The Guardian has a fascinating article about the motivations of people who have faked terminal illnesses as their online companions have offered support and sympathy right until the supposed end.
Several cases have become notorious online where illnesses, and even deaths, have been faked much to the betrayal of community members.
Mandy is one of a growing number of people who pretend to suffer illness and trauma to get sympathy from online support groups. Think of Tyler Durden and Marla Singer in Fight Club, only these support groups are virtual, and the people deceived are real. From cancer forums to anorexia websites, LiveJournal to Mumsnet, trusting communities are falling victim to a new kind of online fraud, one in which people are scammed out of their time and emotion instead of their money. The fakers have nothing to gain from their lies – except attention.
These aren’t just people with a sick sense of humour. Jokers want a quicker payoff than this kind of hoax could ever provide. It requires months of sophisticated research to develop and sustain a convincing story, as well as a team of fictitious personas to back up the web of deceit. Psychiatrists say the lengths to which people like Mandy are prepared to go mean their behaviour is pathological, a disorder rather than simply an act of spite. The irony is these people might actually be classed as ill – just not in the way they claim to be.
This type of behaviour can be diagnosed as facticious disorder in the DSM with the idea that the motivation is to gain the psychological benefits of the ‘sick role’ – i.e. a caring response from other people.
It is considered a mental illness and is sometimes labelled Munchausen syndrome after the German Baron who was famous for his tall tales.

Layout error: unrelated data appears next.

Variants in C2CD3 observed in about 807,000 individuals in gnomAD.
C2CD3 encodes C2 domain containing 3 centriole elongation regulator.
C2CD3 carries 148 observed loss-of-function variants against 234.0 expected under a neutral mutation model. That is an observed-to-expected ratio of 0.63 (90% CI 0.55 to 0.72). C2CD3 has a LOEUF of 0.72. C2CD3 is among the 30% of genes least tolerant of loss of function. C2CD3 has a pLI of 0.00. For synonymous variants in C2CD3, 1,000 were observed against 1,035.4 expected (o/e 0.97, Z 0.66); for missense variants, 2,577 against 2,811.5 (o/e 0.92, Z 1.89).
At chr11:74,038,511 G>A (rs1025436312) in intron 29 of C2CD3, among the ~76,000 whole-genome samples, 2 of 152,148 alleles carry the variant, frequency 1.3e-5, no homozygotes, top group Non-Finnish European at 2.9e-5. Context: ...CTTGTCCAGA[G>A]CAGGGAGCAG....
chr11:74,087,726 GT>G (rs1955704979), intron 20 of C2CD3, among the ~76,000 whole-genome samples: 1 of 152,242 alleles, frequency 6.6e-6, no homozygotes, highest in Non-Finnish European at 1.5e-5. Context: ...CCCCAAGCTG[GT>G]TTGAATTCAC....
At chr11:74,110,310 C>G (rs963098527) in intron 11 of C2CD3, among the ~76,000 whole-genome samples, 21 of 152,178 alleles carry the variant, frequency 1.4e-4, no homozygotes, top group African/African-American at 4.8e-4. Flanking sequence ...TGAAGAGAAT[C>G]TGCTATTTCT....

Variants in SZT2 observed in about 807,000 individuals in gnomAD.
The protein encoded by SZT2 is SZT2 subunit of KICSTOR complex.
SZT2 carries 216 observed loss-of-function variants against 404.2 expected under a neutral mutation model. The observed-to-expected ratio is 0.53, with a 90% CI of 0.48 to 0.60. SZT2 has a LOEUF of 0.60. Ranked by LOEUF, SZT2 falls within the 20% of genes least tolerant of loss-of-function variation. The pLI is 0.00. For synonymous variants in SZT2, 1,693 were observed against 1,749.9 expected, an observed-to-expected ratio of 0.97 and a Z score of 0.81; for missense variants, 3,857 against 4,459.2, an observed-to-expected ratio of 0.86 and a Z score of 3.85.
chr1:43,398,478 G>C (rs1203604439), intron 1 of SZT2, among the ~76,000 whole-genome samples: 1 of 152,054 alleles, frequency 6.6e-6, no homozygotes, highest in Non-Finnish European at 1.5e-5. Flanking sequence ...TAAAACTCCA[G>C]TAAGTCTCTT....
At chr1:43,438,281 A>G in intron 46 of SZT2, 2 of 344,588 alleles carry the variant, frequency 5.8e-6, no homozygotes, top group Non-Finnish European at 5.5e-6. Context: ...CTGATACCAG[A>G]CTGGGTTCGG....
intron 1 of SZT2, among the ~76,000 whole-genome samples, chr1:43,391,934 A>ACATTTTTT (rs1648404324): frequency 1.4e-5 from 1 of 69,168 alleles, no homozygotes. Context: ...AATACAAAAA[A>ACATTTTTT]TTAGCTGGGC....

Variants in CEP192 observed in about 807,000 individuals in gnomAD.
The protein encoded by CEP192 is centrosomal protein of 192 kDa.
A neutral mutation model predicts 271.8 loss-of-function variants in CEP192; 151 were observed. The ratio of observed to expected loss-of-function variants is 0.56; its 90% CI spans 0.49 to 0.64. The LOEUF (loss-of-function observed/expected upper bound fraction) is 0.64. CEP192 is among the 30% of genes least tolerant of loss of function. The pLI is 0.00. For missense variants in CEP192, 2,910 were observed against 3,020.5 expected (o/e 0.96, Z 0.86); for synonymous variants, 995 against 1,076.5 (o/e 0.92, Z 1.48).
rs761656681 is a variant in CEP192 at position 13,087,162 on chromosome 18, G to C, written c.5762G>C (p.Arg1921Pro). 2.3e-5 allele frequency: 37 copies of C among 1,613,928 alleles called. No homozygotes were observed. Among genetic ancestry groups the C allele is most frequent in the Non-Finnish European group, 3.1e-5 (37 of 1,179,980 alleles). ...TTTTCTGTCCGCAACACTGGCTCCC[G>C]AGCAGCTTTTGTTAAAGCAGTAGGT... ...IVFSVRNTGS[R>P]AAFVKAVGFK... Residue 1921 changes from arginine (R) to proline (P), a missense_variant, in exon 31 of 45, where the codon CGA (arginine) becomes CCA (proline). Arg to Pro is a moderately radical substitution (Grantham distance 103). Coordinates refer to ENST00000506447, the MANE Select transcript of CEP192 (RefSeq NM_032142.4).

However, faking illness to get material benefits or to avoid responsibilities is classified as malingering is not considered a mental illness, although no justification is usually given for why one is considered an illness and the other just ‘bad behaviour’.
To complicate matters further, it seems some people can experience serious medical problems (e.g. paralysis, blindness) with nothing seeming to be wrong with them – but crucially – they are not doing so consciously.
In other words, they are not ‘faking’ in the normal sense of the word and these conditions are typically diagnosed as conversion disorder.
If they sound exotic, about 10-20% of all neurology examinations turn up no damage that could explain the symptoms.
Considering we have all faked or exaggerated illness to some degree, and the fact that our unconscious mind has a powerful effect on the experience of symptoms – regardless of their physical basis, we can consider terminal illness fakers as one end of a behaviour spectrum on which we all live.
The Guardian article looks at the increasingly recognised online expression of this behaviour (with the inevitable unnecessary suggestion of an online specific diagnosis) and some fascinating individual cases.
Link to article ‘Faking illness online’.